In the first part of this series, we discussed the basics of the Azure cloud offering. As mentioned in part one, according to Synergy Research Group, Azure is the cloud with the highest growth rate among the leading cloud vendors – Amazon Google and Microsoft. It is no doubt that the latter has the most significant experience delivering and supporting enterprise IT.
Microsoft Azure provides a single agreement for enterprises that allows corporate IT and finance to retain control over cloud investments and operations through a single entity. In this article I will describe the basics of Microsoft’s Enterprise Agreement (EA) for Azure customers.
Support of the Enterprise Cloud Hierarchy
According to Microsoft’s EA, enterprise enrollment programs enhance manageability by equipping your entire organization with the latest versions of Microsoft products. This principle also applies when it comes to the Azure cloud enrollment offering, which makes it possible to build a large umbrella of resources. As shown below, you can configure various levels of departments, accounts and subscriptions under Azure’s Enterprise Enrollment program.
Once a hierarchy is created, the program issues an enrollment number that uniquely identifies your organization. In other clouds, this hierarchy can be implemented via tagging, but with Azure, while some tagging capabilities are available, you cannot link them to your billing statement and you can’t tag individual resources. Instead, you can find your organization’s resource hierarchy umbrella in Azure’s billing file. You can then check your enrollment program’s prices through your account price listed in your Azure Enterprise Portal.
The Enterprise Commitment
Consuming Azure resources through an EA can significantly lower your standard on-demand rates on an annual basis. For example, Azure websites can cost at least 25% less with an EA than with the Pay-As-You-Go model.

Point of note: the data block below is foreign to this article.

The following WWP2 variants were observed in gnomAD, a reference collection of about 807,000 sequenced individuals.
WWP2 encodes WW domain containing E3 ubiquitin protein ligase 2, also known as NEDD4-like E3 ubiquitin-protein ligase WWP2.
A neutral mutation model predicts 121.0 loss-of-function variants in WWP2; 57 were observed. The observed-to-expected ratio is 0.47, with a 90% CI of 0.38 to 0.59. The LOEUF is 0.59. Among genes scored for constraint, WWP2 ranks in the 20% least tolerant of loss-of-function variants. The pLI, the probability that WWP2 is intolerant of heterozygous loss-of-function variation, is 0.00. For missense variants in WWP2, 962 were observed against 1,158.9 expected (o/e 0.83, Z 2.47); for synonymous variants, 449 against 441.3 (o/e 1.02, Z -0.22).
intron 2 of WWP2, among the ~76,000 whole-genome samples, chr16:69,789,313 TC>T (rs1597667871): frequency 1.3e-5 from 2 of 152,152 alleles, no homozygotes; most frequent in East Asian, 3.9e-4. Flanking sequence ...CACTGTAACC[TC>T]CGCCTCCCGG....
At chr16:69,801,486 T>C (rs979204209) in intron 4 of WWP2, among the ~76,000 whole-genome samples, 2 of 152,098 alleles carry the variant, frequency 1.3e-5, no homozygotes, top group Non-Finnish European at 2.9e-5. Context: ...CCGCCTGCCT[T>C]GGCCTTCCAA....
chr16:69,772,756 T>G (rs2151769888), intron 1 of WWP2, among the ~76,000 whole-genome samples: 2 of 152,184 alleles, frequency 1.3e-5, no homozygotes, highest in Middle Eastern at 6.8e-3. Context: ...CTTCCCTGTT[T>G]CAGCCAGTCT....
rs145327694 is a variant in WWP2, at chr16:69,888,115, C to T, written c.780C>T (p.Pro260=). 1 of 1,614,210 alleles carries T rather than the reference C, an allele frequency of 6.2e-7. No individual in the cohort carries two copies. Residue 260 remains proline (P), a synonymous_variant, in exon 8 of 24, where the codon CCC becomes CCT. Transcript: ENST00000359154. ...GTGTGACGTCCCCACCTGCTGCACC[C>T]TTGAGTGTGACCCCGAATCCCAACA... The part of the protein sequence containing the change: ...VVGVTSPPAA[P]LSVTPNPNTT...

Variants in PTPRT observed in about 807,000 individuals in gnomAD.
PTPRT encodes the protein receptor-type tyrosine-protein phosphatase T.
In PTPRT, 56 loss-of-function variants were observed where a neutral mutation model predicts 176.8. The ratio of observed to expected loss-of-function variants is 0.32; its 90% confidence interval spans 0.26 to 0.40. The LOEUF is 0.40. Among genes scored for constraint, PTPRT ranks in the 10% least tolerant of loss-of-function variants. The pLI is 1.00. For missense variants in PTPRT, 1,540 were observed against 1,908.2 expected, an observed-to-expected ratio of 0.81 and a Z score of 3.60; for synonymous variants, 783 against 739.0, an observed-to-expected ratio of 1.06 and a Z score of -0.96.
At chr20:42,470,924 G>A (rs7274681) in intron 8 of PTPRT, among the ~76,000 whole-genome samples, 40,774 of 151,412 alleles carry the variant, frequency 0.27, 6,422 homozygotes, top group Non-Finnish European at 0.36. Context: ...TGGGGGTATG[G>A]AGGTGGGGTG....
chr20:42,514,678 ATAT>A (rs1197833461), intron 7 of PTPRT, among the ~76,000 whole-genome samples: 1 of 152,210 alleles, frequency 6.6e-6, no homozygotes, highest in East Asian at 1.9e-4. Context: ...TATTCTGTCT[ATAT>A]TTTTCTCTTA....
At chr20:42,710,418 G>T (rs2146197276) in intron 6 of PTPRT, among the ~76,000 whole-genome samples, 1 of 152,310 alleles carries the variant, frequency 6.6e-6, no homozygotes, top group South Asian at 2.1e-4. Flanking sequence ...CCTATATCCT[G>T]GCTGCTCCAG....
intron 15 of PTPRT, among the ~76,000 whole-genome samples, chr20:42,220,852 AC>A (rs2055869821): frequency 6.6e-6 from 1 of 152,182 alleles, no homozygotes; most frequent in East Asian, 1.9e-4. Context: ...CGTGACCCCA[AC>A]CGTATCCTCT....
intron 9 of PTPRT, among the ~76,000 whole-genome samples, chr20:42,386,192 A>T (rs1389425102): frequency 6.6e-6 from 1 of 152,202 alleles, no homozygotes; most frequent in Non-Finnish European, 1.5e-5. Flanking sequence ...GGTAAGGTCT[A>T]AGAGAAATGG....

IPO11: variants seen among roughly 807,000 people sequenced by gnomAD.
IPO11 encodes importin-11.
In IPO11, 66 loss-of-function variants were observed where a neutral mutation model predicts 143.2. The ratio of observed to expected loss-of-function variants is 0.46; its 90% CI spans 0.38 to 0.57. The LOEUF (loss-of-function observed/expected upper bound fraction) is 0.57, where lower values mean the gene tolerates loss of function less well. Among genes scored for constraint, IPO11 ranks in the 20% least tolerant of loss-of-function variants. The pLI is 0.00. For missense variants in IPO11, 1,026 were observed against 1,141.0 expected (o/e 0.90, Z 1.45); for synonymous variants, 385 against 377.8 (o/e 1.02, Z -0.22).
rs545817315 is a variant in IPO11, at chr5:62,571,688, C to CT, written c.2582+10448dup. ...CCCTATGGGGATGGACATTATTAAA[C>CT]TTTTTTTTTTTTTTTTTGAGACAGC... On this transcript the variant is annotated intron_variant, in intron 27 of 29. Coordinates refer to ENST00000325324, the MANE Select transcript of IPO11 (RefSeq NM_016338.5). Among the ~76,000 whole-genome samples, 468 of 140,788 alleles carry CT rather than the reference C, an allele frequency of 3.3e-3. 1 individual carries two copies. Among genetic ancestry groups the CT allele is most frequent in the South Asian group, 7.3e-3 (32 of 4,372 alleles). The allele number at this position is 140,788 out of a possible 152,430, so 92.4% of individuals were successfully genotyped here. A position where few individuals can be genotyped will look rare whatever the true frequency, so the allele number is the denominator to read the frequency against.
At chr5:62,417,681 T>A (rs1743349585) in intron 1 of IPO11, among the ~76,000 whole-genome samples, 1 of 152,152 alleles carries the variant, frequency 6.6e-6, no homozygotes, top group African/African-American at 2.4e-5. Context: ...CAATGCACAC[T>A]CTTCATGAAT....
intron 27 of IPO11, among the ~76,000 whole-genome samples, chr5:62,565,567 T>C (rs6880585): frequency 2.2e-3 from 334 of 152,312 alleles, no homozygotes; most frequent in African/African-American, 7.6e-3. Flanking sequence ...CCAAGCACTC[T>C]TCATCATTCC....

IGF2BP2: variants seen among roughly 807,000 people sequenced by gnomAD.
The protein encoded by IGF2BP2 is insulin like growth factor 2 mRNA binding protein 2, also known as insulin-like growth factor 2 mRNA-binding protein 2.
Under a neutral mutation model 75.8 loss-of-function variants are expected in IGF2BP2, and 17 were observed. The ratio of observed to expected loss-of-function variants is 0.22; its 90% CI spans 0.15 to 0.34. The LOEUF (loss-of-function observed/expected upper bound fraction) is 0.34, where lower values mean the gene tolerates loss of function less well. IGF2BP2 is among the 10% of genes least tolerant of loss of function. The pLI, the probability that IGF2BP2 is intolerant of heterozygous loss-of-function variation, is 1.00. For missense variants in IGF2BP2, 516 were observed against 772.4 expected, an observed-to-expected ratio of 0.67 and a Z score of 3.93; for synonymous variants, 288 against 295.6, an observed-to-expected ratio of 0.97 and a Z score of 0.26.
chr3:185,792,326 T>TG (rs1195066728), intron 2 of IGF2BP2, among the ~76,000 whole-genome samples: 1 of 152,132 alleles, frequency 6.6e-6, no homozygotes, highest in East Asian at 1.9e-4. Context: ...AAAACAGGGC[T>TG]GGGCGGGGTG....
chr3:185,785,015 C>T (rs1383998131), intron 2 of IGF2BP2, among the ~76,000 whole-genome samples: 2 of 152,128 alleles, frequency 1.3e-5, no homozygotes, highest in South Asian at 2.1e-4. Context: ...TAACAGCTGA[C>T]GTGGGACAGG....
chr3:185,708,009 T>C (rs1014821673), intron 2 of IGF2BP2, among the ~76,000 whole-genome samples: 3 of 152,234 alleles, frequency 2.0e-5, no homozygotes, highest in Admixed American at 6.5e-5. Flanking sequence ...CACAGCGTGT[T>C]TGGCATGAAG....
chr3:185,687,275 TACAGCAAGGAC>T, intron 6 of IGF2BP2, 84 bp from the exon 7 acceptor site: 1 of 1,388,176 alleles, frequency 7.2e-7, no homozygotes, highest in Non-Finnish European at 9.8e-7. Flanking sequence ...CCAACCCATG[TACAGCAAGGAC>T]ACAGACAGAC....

According to the Licensing Azure for the Enterprise page:
“These discounts are provided on top of per meter prices that for commodity services like compute, storage and bandwidth we have already committed won’t be beaten by Amazon.”
Azure Enterprise Enrollment enables you to commit upfront to expected Azure service consumption. If you exceed your expected consumption, the same discounted rates apply, and depending on the rate of excess consumption, you either pay at the end of the year (under 50% excess consumption) or at the end of each quarter (over 50%). You can change your commitment level but if you don’t consume all of your credits in a year, the remainder will be lost.
There is no minimum EA, it simply depends on your level of commitment. You can can start with a commitment of a few thousand dollars a year and receive discounts and access to EA options. EAs include certain features by default, such as the option to purchase Azure Active Directory Premium as well as 99.99% guaranteed uptime and more.
Azure Enterprise Portal
Once you’ve entered an EA you are granted master admin level access to your Azure enterprise portal, as shown below. In the ‘Home’ screen, you can view your organization’s departments, accounts and subscriptions.
In addition, the enterprise console provides you with multiple usage and cost reports so you can monitor and track them on the enrollment level (aggregated across your organization).
The reports that are displayed depend on whether or not your partner adds markup to baseline prices. If a markup is added, your enterprise account also includes the original price sheet. Basically, direct Azure enterprise customers (who signed the EA directly with Microsoft) view the same information as indirect customers (who signed the EA with one of Microsoft’s resellers), which allows end users to have a complete view of their cloud usage expenses.
Note: The portal also enables you to download the aggregated usage data.
Microsoft is a veteran enterprise vendor and as such, has built an offering that best suits the structure of the IT industry today—from a simple single cloud “subscription” to large complex enterprise organizations, resellers and partners. Aggregating cloud expenses under a specific entity facilitates enterprises to show and chargeback.